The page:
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Preparation of Thin Samples for viewing in a Transmission Electron Microscope

IP.com Disclosure Number: IPCOM000229926D
Publication Date: 2013-Aug-07
Document File: 1 page(s) / 37K

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Preparation of Thin Samples for viewing in a Transmission Electron Microscope

     Because a sample must be very thin for viewing with transmission electron microscopy (whether TEM or STEM, scanning transmission electron microscope), preparation of the sample can be delicate, time consuming work. One method of preparing a TEM sample is to cut the sample from a substrate using an ion beam. A probe is attached to the sample, which is moved away from the substrate from which it was extracted and typically attached to a TEM grid using ion beam FIB deposition or other method. The sample is thinned using the ion beam either before it is separated from the substrate, or after it is mounted in the grid.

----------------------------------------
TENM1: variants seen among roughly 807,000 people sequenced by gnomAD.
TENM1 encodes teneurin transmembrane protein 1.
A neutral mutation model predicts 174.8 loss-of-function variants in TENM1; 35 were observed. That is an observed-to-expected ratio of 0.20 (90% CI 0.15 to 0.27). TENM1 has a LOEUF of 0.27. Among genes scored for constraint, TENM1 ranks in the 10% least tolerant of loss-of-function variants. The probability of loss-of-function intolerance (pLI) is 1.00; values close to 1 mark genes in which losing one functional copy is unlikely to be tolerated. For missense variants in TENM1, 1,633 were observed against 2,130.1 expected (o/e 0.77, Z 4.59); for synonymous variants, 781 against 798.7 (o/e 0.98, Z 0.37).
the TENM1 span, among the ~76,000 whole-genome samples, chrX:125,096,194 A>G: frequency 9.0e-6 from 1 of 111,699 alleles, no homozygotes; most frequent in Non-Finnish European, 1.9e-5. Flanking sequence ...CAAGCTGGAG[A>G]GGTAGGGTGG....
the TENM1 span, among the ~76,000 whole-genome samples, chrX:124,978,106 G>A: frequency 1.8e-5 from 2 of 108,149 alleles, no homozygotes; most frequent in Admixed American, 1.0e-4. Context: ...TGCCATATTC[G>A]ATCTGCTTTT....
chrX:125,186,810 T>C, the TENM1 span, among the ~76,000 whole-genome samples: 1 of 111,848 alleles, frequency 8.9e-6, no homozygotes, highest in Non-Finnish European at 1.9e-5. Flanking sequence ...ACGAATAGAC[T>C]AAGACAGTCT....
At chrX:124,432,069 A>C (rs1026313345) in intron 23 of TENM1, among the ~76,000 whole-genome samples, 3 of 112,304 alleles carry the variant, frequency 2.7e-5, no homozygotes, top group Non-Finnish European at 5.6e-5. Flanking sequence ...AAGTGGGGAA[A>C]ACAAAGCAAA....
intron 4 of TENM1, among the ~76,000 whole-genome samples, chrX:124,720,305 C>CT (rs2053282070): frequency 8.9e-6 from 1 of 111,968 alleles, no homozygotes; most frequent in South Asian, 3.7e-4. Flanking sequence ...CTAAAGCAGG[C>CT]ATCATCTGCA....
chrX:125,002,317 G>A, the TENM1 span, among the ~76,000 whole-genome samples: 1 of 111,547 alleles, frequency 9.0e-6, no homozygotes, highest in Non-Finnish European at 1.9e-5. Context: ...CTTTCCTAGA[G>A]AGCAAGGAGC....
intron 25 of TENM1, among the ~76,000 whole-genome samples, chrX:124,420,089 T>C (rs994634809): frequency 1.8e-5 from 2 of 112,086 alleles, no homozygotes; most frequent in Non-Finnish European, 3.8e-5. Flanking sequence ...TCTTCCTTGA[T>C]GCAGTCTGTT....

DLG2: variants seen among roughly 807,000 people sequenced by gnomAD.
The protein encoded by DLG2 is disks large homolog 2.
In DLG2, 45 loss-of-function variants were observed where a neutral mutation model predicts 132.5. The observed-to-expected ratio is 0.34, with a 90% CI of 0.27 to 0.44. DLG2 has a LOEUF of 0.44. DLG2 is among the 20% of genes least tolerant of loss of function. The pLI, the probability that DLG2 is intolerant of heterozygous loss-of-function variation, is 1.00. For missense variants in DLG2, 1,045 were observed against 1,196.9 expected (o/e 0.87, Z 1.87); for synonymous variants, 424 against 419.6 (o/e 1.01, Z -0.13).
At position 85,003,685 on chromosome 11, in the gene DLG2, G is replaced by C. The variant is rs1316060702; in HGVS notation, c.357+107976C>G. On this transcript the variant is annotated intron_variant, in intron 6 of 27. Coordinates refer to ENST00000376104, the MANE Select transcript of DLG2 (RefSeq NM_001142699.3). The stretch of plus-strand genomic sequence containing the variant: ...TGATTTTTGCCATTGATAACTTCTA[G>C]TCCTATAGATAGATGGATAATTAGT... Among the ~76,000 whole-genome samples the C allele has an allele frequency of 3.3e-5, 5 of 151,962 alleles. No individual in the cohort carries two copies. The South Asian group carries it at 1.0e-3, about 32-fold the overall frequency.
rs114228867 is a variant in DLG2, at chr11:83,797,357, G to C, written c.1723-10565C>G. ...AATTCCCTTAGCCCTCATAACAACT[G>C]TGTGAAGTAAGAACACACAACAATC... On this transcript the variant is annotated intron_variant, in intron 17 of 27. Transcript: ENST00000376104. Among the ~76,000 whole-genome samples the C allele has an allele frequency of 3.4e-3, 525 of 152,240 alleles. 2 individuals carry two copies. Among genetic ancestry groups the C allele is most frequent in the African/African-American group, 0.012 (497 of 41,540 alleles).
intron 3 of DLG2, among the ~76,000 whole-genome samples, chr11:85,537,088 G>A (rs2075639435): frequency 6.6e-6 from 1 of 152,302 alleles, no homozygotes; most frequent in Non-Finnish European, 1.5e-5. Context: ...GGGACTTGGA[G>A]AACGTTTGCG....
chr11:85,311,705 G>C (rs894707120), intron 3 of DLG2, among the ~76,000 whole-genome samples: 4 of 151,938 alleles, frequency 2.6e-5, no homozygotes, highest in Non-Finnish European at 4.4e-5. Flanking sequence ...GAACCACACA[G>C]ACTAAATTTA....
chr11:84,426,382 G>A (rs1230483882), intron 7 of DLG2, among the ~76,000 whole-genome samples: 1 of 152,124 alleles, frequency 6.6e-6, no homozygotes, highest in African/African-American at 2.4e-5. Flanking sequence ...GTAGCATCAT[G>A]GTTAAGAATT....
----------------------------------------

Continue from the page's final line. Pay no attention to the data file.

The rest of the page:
With the some automated TEM prep processes, a portion of the sample that does not include the region of interest will be thicker than the portion containing the region of interest and through which the electron beam will pass. The lamellae typically have a wedge shape in which the sample's surface (coated with FIB Tungsten) is relatively thick (70-80nm) and the thinned region decreases to about 50nm at about 500nm below the surface. This wedge shape limits the amount of thinning possible. As the sample is thinned further, the process creates a hole in the thinned region where the wedge is the thinnest.

     One technique to avoid this problem is to use a carbon overcoat, which is a closer match to the substrate's sputter removal rate and does not produce a wedge shape. However, this causes a problem because many users prefer an overcoat with a high Z-contrast for imaging insulative and non-conductive materials. Users must choose between an automated T...